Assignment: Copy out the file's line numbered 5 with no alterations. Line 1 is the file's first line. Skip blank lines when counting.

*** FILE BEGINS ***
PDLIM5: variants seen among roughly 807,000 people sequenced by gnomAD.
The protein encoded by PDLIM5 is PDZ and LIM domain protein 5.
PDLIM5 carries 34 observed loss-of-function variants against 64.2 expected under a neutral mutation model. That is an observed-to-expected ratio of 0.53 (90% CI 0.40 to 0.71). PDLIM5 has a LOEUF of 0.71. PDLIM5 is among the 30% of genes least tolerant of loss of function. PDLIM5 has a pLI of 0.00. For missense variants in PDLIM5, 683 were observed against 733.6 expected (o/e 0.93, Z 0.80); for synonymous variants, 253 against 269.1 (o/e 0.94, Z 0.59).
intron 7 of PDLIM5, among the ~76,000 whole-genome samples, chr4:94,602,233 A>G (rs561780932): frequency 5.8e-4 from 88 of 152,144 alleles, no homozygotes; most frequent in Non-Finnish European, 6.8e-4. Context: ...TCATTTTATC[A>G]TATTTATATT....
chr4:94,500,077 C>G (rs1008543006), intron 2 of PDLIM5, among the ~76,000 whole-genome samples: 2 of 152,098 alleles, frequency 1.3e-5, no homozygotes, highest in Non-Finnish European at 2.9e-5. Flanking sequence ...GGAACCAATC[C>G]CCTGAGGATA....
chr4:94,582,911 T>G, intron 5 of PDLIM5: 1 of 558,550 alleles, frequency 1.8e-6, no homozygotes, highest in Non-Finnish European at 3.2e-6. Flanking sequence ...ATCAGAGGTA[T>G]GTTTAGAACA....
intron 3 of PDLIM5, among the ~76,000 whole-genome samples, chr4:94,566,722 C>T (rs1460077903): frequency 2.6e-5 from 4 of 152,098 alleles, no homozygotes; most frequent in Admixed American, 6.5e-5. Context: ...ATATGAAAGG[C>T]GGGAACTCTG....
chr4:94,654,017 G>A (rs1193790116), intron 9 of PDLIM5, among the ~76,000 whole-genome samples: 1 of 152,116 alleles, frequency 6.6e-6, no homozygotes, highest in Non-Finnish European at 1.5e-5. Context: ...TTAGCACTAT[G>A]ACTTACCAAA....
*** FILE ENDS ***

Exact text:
chr4:94,500,077 C>G (rs1008543006), intron 2 of PDLIM5, among the ~76,000 whole-genome samples: 2 of 152,098 alleles, frequency 1.3e-5, no homozygotes, highest in Non-Finnish European at 2.9e-5. Flanking sequence ...GGAACCAATC[C>G]CCTGAGGATA....